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Linen Pillowcases

Standard housewife linen pillowcases and large Square linen pillow covers
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Want to know more about linen pillowcases?

What is a linen pillowcase?

Linen pillowcases are made from linen fabric, which is 100% natural. This high-quality material feels like a soft cloud to your hair and skin and provides you with a restorative and luxurious sleeping experience.

Linen is known for its temperature-regulating properties, meaning it keeps you cool in the summer and warm in the winter. That makes linen pillowcases ideal for any season.

Moreover, linen pillowcases are a great addition to your bedroom interior design. Cowberry’s linen pillowcases come in natural colours, such as cool grey, nautical blue, pinkish, and pure white.

How often should you change your pillowcase?

Changing your bedding, including your pillowcase, on a regular basis is a good practice and a part of your sleep hygiene. According to the dermatologic community, it’s best to change your pillowcase once a week. Nevertheless, if you have acne or other skin diseases, it’s advisable to change it nightly or every other night.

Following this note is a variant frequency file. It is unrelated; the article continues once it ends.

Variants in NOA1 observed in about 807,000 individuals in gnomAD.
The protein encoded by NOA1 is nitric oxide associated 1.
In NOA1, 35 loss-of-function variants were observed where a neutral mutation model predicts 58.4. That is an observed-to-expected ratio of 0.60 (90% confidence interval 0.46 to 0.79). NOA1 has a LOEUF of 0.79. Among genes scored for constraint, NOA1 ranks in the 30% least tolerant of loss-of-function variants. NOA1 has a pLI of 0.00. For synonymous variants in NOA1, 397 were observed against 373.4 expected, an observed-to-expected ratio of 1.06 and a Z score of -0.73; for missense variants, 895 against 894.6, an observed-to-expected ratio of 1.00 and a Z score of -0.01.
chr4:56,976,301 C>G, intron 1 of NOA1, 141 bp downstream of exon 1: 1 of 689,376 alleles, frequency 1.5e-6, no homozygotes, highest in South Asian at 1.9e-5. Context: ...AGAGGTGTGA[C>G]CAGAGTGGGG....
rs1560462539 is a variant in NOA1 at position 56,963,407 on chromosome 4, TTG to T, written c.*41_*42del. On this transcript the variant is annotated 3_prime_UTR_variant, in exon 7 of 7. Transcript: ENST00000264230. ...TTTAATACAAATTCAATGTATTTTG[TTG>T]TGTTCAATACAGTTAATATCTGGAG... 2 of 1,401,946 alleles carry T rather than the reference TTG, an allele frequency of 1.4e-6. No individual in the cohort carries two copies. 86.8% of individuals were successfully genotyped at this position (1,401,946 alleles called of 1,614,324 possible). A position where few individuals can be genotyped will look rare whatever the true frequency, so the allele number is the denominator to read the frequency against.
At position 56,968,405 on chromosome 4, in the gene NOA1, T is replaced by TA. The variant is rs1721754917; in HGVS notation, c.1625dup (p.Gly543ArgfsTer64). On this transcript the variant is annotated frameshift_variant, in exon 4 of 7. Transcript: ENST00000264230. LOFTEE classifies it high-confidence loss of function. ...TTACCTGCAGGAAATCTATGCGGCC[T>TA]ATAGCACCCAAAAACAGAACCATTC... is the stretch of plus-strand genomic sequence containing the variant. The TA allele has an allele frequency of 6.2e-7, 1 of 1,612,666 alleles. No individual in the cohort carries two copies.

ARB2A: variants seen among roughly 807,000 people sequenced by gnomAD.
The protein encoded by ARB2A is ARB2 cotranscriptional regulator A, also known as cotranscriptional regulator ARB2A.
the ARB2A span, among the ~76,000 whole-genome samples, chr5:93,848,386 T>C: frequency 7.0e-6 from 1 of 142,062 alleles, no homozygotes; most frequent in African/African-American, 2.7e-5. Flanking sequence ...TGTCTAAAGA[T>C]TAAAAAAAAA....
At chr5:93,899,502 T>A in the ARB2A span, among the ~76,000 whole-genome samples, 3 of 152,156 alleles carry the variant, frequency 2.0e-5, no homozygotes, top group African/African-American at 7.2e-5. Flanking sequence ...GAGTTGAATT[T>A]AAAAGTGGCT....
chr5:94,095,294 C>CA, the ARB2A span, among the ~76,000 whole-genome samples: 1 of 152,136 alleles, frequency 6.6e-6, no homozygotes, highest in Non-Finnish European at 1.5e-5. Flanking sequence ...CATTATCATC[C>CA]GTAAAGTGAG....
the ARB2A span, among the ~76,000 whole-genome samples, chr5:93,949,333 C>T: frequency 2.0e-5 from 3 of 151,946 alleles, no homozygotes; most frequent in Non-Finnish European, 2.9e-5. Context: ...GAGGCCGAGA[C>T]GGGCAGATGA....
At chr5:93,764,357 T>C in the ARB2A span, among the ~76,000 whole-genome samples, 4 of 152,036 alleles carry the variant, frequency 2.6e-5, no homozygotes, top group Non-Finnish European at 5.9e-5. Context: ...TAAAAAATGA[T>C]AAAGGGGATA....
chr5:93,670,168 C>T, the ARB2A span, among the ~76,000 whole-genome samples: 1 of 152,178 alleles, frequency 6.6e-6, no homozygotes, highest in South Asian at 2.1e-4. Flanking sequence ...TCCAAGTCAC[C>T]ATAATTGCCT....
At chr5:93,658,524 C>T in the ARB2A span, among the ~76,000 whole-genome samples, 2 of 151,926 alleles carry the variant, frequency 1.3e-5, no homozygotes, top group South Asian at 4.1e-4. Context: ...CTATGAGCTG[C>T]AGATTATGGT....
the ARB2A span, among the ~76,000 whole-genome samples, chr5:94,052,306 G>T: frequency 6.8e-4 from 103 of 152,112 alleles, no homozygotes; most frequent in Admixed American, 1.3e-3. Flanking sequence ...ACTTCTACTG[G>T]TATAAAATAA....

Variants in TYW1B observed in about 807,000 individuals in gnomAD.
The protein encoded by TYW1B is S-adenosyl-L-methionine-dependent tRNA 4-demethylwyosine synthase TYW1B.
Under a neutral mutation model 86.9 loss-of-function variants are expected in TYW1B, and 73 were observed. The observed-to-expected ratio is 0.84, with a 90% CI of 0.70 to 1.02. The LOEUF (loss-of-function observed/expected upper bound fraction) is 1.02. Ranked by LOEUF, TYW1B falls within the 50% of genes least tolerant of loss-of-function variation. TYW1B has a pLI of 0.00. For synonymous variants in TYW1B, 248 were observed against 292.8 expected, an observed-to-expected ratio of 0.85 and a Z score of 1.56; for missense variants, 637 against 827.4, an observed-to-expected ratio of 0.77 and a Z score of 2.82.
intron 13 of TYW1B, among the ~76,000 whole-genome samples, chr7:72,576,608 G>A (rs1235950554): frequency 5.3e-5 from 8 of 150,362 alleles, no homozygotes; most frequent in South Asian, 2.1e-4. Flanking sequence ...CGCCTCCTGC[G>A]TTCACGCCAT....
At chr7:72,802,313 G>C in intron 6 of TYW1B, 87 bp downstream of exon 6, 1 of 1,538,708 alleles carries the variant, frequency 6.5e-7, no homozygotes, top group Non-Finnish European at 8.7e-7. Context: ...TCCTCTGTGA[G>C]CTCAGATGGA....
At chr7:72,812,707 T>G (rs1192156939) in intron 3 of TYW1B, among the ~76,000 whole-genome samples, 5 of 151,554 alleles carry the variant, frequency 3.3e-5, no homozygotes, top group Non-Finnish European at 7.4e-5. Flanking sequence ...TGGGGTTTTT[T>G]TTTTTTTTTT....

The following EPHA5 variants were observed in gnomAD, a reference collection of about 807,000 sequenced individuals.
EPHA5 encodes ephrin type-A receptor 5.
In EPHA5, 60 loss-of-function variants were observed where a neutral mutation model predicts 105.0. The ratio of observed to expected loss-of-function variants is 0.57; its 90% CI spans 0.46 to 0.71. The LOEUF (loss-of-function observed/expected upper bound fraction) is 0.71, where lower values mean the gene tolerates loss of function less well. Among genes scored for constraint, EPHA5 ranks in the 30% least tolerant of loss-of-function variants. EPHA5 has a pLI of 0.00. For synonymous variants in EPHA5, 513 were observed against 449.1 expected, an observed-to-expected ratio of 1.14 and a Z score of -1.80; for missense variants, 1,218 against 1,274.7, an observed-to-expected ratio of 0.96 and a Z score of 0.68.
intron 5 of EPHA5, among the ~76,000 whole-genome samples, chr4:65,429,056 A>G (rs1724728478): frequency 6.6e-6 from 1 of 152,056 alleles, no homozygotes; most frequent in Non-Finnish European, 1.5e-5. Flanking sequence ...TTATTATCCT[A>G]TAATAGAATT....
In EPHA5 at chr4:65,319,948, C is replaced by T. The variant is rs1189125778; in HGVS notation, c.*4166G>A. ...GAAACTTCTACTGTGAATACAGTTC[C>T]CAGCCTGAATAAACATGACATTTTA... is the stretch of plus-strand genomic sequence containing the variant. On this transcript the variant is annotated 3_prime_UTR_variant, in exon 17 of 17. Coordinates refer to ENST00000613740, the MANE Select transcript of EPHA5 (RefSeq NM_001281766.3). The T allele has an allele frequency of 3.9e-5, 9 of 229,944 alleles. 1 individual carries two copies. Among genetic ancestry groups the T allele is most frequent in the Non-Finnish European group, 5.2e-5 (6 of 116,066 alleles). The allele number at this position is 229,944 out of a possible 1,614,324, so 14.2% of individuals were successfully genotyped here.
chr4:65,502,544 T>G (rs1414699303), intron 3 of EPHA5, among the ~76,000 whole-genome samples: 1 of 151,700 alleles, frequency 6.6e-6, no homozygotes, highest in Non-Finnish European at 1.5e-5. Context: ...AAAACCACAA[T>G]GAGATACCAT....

Our hair and facial skin accumulate dirt, oil, and air pollutants throughout the day. Although we wash them away before we go to bed, some of them still remain in our pores and are transferred to our pillowcase.

Are linen pillowcases good for your hair?

Linen pillowcases have a host of benefits for your hair. While synthetic pillowcases give you frizzy bedhair, linen pillowcases are like an overnight hairdresser that leaves you looking stunning.

That is so because the breathability of linen and its temperature-regulating properties prevent sweating and the extraction of the hair’s natural oils onto the pillow.

Are linen pillowcases good for your skin?

Linen pillowcases are incredibly healthy for your skin. Increased heat can dry out all the moisture of your skin and scalp, resulting in oily skin. Linen’s temperature-regulating quality helps balance the body’s sebum secretion, resulting in healthy skin. Moreover, the texture of linen promotes blood circulation, which has positive effects on skin health.